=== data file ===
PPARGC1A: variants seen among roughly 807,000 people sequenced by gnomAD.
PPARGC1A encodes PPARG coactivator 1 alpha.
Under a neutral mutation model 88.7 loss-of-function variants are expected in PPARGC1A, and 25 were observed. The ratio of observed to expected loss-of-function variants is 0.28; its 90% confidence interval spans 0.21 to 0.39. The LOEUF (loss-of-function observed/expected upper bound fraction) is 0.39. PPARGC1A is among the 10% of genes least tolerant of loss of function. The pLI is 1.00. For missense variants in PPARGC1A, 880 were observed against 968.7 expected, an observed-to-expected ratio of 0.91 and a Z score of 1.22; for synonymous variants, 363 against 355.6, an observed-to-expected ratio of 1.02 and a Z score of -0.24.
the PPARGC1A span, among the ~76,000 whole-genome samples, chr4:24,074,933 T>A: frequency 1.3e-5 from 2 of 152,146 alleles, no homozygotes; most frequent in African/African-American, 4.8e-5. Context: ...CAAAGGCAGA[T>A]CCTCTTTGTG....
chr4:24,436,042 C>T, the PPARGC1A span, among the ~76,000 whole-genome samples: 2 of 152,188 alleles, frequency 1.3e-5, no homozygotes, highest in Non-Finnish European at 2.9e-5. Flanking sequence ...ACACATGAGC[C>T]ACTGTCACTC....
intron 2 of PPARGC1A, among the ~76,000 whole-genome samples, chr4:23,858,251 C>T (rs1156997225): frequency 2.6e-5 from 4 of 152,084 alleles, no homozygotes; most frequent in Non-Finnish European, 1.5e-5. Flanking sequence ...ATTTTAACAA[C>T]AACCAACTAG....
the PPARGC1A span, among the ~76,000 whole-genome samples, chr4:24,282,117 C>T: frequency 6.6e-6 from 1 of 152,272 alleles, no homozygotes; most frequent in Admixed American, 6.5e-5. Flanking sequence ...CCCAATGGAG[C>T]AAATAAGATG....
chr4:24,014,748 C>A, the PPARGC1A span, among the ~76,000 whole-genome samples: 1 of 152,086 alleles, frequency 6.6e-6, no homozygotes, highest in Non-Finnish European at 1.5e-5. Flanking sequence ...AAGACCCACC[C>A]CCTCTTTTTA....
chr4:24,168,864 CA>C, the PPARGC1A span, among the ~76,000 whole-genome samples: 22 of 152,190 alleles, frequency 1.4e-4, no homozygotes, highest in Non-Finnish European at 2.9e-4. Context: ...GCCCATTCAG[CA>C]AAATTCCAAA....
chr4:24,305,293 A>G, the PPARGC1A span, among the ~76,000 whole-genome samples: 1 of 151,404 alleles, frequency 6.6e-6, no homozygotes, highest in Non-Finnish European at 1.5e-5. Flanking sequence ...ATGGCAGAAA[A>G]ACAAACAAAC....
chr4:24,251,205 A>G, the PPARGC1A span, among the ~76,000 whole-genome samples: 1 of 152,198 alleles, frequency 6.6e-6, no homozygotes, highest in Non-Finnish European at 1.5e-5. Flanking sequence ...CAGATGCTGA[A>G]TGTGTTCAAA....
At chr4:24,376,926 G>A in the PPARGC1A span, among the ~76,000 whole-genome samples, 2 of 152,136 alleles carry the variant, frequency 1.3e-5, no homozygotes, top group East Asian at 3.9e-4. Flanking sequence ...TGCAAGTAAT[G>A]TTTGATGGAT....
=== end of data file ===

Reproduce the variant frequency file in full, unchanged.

PPARGC1A: variants seen among roughly 807,000 people sequenced by gnomAD.
PPARGC1A encodes PPARG coactivator 1 alpha.
Under a neutral mutation model 88.7 loss-of-function variants are expected in PPARGC1A, and 25 were observed. The ratio of observed to expected loss-of-function variants is 0.28; its 90% confidence interval spans 0.21 to 0.39. The LOEUF (loss-of-function observed/expected upper bound fraction) is 0.39. PPARGC1A is among the 10% of genes least tolerant of loss of function. The pLI is 1.00. For missense variants in PPARGC1A, 880 were observed against 968.7 expected, an observed-to-expected ratio of 0.91 and a Z score of 1.22; for synonymous variants, 363 against 355.6, an observed-to-expected ratio of 1.02 and a Z score of -0.24.
the PPARGC1A span, among the ~76,000 whole-genome samples, chr4:24,074,933 T>A: frequency 1.3e-5 from 2 of 152,146 alleles, no homozygotes; most frequent in African/African-American, 4.8e-5. Context: ...CAAAGGCAGA[T>A]CCTCTTTGTG....
chr4:24,436,042 C>T, the PPARGC1A span, among the ~76,000 whole-genome samples: 2 of 152,188 alleles, frequency 1.3e-5, no homozygotes, highest in Non-Finnish European at 2.9e-5. Flanking sequence ...ACACATGAGC[C>T]ACTGTCACTC....
intron 2 of PPARGC1A, among the ~76,000 whole-genome samples, chr4:23,858,251 C>T (rs1156997225): frequency 2.6e-5 from 4 of 152,084 alleles, no homozygotes; most frequent in Non-Finnish European, 1.5e-5. Flanking sequence ...ATTTTAACAA[C>T]AACCAACTAG....
the PPARGC1A span, among the ~76,000 whole-genome samples, chr4:24,282,117 C>T: frequency 6.6e-6 from 1 of 152,272 alleles, no homozygotes; most frequent in Admixed American, 6.5e-5. Flanking sequence ...CCCAATGGAG[C>T]AAATAAGATG....
chr4:24,014,748 C>A, the PPARGC1A span, among the ~76,000 whole-genome samples: 1 of 152,086 alleles, frequency 6.6e-6, no homozygotes, highest in Non-Finnish European at 1.5e-5. Flanking sequence ...AAGACCCACC[C>A]CCTCTTTTTA....
chr4:24,168,864 CA>C, the PPARGC1A span, among the ~76,000 whole-genome samples: 22 of 152,190 alleles, frequency 1.4e-4, no homozygotes, highest in Non-Finnish European at 2.9e-4. Context: ...GCCCATTCAG[CA>C]AAATTCCAAA....
chr4:24,305,293 A>G, the PPARGC1A span, among the ~76,000 whole-genome samples: 1 of 151,404 alleles, frequency 6.6e-6, no homozygotes, highest in Non-Finnish European at 1.5e-5. Flanking sequence ...ATGGCAGAAA[A>G]ACAAACAAAC....
chr4:24,251,205 A>G, the PPARGC1A span, among the ~76,000 whole-genome samples: 1 of 152,198 alleles, frequency 6.6e-6, no homozygotes, highest in Non-Finnish European at 1.5e-5. Flanking sequence ...CAGATGCTGA[A>G]TGTGTTCAAA....
At chr4:24,376,926 G>A in the PPARGC1A span, among the ~76,000 whole-genome samples, 2 of 152,136 alleles carry the variant, frequency 1.3e-5, no homozygotes, top group East Asian at 3.9e-4. Flanking sequence ...TGCAAGTAAT[G>A]TTTGATGGAT....